Wednesday, May 27, 2015

Did Maharashtra need a Maratha quota?

Community is widely seen as dominant, but assembly polls are due and Marathas account for a third of the state’s population.

Demand for reservation in 2009, granted in 2014. (source: Express archive) Demand for reservation in 2009, granted in 2014. (source: Express archive)
Written by Shubhangi Khapre | Mumbai | Updated: June 27, 2014 11:09 am

On Wednesday, the Maharashtra government cleared 16 per cent reservation for the Maratha community, seen by many as a dominant one. A look at the decision and how various sections view it.

The dominance
In the context of the state’s history, Marathas have always been equated with the warrior caste Kshatriya, and they have dominated state politics. Of Maharashtra’s 17 chief ministers since it became a state in 1960, 10 have been Marathas, including first CM Yashwantrao Chavan and the current one, Prithviraj Chavan. Over nearly that entire period, more than half of all MLAs the state has elected have been of that community.

A former chairman of the Maharashtra Planning Board tells The Indian Express, “Almost 50 to 55 per cent of educational institutions — undergraduate and postgraduate, medical and engineering — across the state are controlled by leaders who represent the Maratha community. Of 200-odd sugar factories, the base of the state economy, 168 are controlled by Marathas. Of district cooperative banks, 70 per cent are controlled by Marathas as directors, chairman or panel members.”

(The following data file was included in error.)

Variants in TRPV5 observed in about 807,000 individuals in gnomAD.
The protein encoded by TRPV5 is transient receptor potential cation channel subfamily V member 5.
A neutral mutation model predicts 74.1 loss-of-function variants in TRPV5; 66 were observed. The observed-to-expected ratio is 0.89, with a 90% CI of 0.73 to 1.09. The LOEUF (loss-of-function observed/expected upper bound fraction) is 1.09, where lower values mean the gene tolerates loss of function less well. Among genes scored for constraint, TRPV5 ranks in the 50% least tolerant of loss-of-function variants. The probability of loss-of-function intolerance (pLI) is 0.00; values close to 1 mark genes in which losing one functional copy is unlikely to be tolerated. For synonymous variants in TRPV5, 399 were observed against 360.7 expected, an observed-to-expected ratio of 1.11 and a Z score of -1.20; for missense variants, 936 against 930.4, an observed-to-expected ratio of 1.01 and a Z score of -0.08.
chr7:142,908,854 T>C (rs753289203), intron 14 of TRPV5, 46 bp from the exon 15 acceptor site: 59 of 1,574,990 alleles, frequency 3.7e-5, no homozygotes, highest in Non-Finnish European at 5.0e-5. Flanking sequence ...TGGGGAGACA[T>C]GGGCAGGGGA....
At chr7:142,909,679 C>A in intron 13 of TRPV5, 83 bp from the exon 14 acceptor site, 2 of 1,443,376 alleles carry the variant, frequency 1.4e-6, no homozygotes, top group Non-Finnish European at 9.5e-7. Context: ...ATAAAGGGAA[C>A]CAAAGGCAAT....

Quota and objective
Cleared by the Congress-NCP government, it entails 16-per-cent reservation to Marathas as an “Economically and Educationally Backward Community”, a category newly introduced. Into this category the government added Muslims, giving them 5 per cent.

Assembly elections are due in October and the Maratha community is the single largest vote bank in Maharashtra, accounting for 30 per cent of the state’s population.

The Congress-NCP has sensed a drift away from its Maratha vote-bank for years. In 1994, then chief minister Sharad Pawar consented to the renaming of Marathawada University after B R Ambedkar, and lost in 1995. In the last 10 years, many poor Maratha farmers have drifted towards the Shiv Sena. The Congress-NCP had been striving to grant Marathas OBC status since 2009, and settled for the new category.

Of the 288 assembly seats, Marathas can potentially swing the outcome in nearly 200. This explains the opposition’s guarded reaction. Says state BJP president Devendra Fadnavis, “After 15 years of deceit, the government has approved reservation eying votes. The Lok Sabha defeat has forced them to take such a hasty decision without preparing the grounds to ensure it can stand a legal and constitutional challenge.”

Reversing history
The Maharashtra State Backward Class Commission had argued in 2008: “Marathas are both economically and politically a forward caste… They had never faced social stigma to invite a backward class status.”
In 1980, the Mandal Commission had called Marathas a forward caste. And in 2003-04, National Commission for Backward Classes in 2003-04 hadn’t approved OBC status for Marathas.

Government justification
Chief Minister Prithviraj Chavan cites the report of a committee headed by Industries Minister Narayan Rane, which suggested a 20-per-cent quota for Marathas. The report, however, does not contain a door-to-door survey that was meant to be part of it.

“The report suggests that the poverty …continued »

First Published on: June 27, 2014 12:47 amSingle Page Format
Do you like this story